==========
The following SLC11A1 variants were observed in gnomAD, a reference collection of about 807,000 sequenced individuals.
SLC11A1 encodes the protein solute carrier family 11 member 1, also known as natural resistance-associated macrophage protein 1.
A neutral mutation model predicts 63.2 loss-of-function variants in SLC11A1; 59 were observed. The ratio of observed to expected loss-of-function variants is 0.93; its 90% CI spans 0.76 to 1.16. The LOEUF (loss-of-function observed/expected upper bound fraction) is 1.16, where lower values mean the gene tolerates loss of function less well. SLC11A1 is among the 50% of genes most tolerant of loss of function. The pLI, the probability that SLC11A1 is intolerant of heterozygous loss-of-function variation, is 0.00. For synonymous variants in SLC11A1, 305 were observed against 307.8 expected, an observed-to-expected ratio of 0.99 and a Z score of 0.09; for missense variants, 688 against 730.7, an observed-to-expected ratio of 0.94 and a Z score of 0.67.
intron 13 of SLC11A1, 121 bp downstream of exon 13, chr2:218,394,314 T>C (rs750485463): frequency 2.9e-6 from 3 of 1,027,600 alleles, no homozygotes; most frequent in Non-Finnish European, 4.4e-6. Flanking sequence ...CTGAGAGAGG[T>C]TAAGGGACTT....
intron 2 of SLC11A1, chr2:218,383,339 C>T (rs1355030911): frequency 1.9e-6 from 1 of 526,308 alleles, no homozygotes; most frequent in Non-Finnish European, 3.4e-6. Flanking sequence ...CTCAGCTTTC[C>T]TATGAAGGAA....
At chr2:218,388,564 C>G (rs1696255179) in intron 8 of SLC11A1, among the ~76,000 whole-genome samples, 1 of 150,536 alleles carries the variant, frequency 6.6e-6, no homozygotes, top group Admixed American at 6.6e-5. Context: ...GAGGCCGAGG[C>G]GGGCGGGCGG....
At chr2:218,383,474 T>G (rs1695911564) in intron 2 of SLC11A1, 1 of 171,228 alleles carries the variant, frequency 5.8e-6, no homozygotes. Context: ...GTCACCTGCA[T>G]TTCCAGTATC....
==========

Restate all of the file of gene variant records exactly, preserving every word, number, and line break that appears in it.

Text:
The following SLC11A1 variants were observed in gnomAD, a reference collection of about 807,000 sequenced individuals.
SLC11A1 encodes the protein solute carrier family 11 member 1, also known as natural resistance-associated macrophage protein 1.
A neutral mutation model predicts 63.2 loss-of-function variants in SLC11A1; 59 were observed. The ratio of observed to expected loss-of-function variants is 0.93; its 90% CI spans 0.76 to 1.16. The LOEUF (loss-of-function observed/expected upper bound fraction) is 1.16, where lower values mean the gene tolerates loss of function less well. SLC11A1 is among the 50% of genes most tolerant of loss of function. The pLI, the probability that SLC11A1 is intolerant of heterozygous loss-of-function variation, is 0.00. For synonymous variants in SLC11A1, 305 were observed against 307.8 expected, an observed-to-expected ratio of 0.99 and a Z score of 0.09; for missense variants, 688 against 730.7, an observed-to-expected ratio of 0.94 and a Z score of 0.67.
intron 13 of SLC11A1, 121 bp downstream of exon 13, chr2:218,394,314 T>C (rs750485463): frequency 2.9e-6 from 3 of 1,027,600 alleles, no homozygotes; most frequent in Non-Finnish European, 4.4e-6. Flanking sequence ...CTGAGAGAGG[T>C]TAAGGGACTT....
intron 2 of SLC11A1, chr2:218,383,339 C>T (rs1355030911): frequency 1.9e-6 from 1 of 526,308 alleles, no homozygotes; most frequent in Non-Finnish European, 3.4e-6. Flanking sequence ...CTCAGCTTTC[C>T]TATGAAGGAA....
At chr2:218,388,564 C>G (rs1696255179) in intron 8 of SLC11A1, among the ~76,000 whole-genome samples, 1 of 150,536 alleles carries the variant, frequency 6.6e-6, no homozygotes, top group Admixed American at 6.6e-5. Context: ...GAGGCCGAGG[C>G]GGGCGGGCGG....
At chr2:218,383,474 T>G (rs1695911564) in intron 2 of SLC11A1, 1 of 171,228 alleles carries the variant, frequency 5.8e-6, no homozygotes. Context: ...GTCACCTGCA[T>G]TTCCAGTATC....